Featured research

Only winners. Enhanced default pension allocation

How can we improve the one-size-fits-all default pension fund model? An article recently published in the Journal of Finance explored the optimal asset allocation for a default fund, and found an alternative that produces only winners and no losers.

 

Researchers Magnus Dahlquist, Stockholm School of Economics and Swedish House of Finance, Roine Vestman, Stockholm University and Swedish House of Finance, and Ofer Setty, Tel Aviv University designed a model that considers individuals’ pension account balance and stock market participation in addition to the investor’s age. Relative to a common age-based asset allocation the model’s optimal asset allocation produced substantial welfare gains.

 

The researchers used detailed Swedish data from 2000 to 2007 on fund holdings in the government-mandated premium pension plan, holdings outside the pension system and individuals’ socio-demographics. The data showed heterogeneity across passive and active pension investors. It also showed a vast amount of heterogeneity among passive investors. To address that heterogeneity, a life-cycle model that allows for investor heterogeneity and endogenous opt-out/default was set up.

 

– Remaining in the default fund, or not changing funds for a long time after an initial opt-out decision, is a strong indicator of having no equity exposure outside the pension system. The stock market participation of these passive investors outside the pension system is 16 percentage points lower than that of active investors, says Magnus Dahlquist.

 

Another important finding is the heterogeneity of passive investors. Those who participate in the stock market have financial wealth equal to 1.4 years of labor income, while those who are not exposed to the stock market only have financial wealth equal to five months of labor income. Similarly, participating passive investors have 4.3 times as much financial wealth as nonparticipating passive investors. These facts call into question the ability of a one-size-fits-all default fund to meet all passive investors’ needs.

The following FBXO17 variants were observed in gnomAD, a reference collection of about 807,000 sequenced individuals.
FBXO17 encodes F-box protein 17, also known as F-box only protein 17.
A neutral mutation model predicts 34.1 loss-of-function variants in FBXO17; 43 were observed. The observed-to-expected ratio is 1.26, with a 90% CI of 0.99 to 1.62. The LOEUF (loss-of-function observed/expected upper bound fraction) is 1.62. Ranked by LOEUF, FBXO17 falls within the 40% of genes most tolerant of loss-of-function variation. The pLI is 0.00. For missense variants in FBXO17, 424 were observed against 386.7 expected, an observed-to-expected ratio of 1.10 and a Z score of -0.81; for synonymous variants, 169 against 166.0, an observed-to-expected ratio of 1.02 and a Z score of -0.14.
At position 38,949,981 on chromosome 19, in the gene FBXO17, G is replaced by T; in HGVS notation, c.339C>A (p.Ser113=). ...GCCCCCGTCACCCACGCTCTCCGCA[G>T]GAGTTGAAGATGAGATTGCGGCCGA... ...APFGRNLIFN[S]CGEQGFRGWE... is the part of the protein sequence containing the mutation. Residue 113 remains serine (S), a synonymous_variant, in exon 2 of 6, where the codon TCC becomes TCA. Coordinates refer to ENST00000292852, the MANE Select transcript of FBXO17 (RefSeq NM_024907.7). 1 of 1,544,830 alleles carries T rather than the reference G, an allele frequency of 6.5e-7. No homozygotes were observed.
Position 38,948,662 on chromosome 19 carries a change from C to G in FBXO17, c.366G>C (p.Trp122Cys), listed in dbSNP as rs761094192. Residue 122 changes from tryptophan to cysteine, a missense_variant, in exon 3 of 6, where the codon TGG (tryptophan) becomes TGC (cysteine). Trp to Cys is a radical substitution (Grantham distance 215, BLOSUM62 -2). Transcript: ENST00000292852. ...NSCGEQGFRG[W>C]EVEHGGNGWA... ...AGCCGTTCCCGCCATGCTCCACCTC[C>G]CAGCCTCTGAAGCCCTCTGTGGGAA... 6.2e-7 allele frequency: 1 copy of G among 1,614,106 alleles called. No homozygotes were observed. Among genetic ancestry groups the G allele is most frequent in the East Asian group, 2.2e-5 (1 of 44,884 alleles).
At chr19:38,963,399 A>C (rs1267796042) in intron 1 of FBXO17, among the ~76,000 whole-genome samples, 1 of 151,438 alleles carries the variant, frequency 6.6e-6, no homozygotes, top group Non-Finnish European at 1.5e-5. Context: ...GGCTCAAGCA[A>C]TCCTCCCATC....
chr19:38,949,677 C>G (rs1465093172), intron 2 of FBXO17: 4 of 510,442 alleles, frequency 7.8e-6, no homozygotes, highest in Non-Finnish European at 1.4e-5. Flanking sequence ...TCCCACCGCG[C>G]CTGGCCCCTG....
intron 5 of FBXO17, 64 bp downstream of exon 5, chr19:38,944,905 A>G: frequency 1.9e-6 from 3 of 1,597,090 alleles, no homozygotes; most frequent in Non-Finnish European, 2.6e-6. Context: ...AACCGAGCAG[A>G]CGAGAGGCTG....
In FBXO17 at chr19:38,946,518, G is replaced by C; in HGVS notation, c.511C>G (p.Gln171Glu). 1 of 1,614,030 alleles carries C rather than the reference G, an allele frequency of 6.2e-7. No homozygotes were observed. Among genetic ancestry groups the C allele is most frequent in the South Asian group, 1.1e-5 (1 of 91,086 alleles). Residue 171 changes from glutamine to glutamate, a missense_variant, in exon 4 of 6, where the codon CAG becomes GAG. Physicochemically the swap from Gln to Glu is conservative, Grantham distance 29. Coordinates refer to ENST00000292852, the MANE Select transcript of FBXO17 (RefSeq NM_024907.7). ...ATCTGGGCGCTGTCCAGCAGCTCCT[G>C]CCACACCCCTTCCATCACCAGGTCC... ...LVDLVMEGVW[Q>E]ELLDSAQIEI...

The model presented in the article is the first one to generate these differences in a non-trivial way. It takes into account that passive investors are an endogenously selected group in that investors with low financial literacy or lack of interest are likely to be passive investors.

 

The individual customization of the default fund’s asset allocation yielded sizable welfare gains of 1.5 percent compared to and age-based allocation. The implementation of the model can be made using a simple rule of thumb.

 

– Designing a default pension fund based not only on age but also on other observable characteristics is an interesting option for default funds, such as the national Swedish AP7-alternative. It is also relevant to other pension agencies with default options as well as funds that are part of a fund menu and need to be actively selected. Given the developments in big data, fintech and robo-advising, the timing may now be the right one to develop such funds. Tailoring the asset allocation produces only winners and no losers. It is an option well worth considering, says Roine Vestman.

Read the article here: On the Asset Allocation of a Default Pension Fund

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